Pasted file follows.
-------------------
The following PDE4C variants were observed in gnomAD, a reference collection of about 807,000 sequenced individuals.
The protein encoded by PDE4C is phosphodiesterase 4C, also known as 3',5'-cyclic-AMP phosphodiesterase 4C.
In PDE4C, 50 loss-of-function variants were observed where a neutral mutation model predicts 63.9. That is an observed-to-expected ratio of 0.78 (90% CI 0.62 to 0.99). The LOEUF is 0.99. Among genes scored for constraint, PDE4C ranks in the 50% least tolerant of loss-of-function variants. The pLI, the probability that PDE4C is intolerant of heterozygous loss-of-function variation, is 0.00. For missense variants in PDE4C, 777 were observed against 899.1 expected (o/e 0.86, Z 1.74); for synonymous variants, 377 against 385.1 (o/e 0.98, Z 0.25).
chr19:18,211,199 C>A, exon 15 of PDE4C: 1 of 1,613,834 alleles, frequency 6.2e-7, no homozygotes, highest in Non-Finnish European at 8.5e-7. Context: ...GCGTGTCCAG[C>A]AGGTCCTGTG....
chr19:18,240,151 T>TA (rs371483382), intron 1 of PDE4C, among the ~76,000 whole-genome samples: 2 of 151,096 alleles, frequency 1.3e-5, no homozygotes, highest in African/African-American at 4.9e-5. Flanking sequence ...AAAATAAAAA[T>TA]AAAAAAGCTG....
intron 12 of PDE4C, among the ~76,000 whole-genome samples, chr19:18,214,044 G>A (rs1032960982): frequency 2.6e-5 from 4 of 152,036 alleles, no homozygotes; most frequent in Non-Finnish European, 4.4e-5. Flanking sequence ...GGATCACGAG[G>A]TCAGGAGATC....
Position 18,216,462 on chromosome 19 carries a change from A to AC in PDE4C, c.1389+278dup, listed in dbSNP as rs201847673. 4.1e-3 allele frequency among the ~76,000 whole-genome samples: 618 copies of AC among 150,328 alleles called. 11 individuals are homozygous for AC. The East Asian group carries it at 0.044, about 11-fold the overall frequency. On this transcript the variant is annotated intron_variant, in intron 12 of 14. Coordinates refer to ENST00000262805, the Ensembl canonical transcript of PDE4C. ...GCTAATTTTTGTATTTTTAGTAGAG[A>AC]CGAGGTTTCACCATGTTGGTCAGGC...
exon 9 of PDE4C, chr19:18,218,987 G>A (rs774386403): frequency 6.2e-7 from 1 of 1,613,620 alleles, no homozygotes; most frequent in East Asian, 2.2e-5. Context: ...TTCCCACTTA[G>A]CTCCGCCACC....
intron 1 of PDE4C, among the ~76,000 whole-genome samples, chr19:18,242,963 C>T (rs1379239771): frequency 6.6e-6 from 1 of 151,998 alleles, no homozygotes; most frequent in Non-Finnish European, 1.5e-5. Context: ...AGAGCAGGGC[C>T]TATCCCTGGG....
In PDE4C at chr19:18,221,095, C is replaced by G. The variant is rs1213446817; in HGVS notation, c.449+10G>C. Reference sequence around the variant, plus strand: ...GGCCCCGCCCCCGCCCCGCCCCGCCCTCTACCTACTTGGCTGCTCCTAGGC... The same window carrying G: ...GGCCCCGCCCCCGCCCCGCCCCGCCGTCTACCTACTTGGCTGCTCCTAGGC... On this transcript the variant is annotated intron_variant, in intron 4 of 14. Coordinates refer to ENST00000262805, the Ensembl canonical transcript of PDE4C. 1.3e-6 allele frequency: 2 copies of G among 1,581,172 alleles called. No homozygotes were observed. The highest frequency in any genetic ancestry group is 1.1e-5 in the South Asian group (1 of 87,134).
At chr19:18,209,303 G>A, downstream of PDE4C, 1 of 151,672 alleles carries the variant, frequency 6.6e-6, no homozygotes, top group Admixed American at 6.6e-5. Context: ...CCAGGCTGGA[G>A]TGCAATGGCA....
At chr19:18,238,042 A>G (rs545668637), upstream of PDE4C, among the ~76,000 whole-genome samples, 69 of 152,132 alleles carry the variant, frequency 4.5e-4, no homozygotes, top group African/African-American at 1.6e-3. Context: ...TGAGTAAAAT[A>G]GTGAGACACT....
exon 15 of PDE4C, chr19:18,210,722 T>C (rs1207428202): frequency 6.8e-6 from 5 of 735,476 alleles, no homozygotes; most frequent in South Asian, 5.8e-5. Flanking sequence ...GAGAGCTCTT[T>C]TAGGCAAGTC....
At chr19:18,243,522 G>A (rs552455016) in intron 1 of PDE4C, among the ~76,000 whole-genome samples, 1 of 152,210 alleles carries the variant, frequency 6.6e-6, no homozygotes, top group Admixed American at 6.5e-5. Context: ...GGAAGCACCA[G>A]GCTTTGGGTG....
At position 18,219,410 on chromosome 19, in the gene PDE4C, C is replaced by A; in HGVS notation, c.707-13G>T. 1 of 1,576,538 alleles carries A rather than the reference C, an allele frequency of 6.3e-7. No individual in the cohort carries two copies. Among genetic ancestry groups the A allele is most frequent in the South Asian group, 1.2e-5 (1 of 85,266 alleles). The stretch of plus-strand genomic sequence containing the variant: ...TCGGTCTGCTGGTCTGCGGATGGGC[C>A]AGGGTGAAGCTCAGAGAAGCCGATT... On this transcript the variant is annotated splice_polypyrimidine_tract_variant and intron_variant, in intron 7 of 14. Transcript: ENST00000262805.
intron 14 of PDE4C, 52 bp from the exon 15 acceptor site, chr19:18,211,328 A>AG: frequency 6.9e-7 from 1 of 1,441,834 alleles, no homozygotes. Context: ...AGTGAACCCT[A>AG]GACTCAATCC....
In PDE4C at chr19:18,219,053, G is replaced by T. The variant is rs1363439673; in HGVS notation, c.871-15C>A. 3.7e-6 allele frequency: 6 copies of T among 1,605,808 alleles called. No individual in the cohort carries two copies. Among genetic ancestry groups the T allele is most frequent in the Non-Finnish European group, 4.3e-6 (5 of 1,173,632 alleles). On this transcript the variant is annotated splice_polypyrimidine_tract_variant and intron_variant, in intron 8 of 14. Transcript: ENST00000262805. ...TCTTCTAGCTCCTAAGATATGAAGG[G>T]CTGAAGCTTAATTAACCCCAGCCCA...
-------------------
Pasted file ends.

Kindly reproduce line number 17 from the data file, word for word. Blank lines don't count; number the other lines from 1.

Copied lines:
In PDE4C at chr19:18,219,053, G is replaced by T. The variant is rs1363439673; in HGVS notation, c.871-15C>A. 3.7e-6 allele frequency: 6 copies of T among 1,605,808 alleles called. No individual in the cohort carries two copies. Among genetic ancestry groups the T allele is most frequent in the Non-Finnish European group, 4.3e-6 (5 of 1,173,632 alleles). On this transcript the variant is annotated splice_polypyrimidine_tract_variant and intron_variant, in intron 8 of 14. Transcript: ENST00000262805. ...TCTTCTAGCTCCTAAGATATGAAGG[G>T]CTGAAGCTTAATTAACCCCAGCCCA...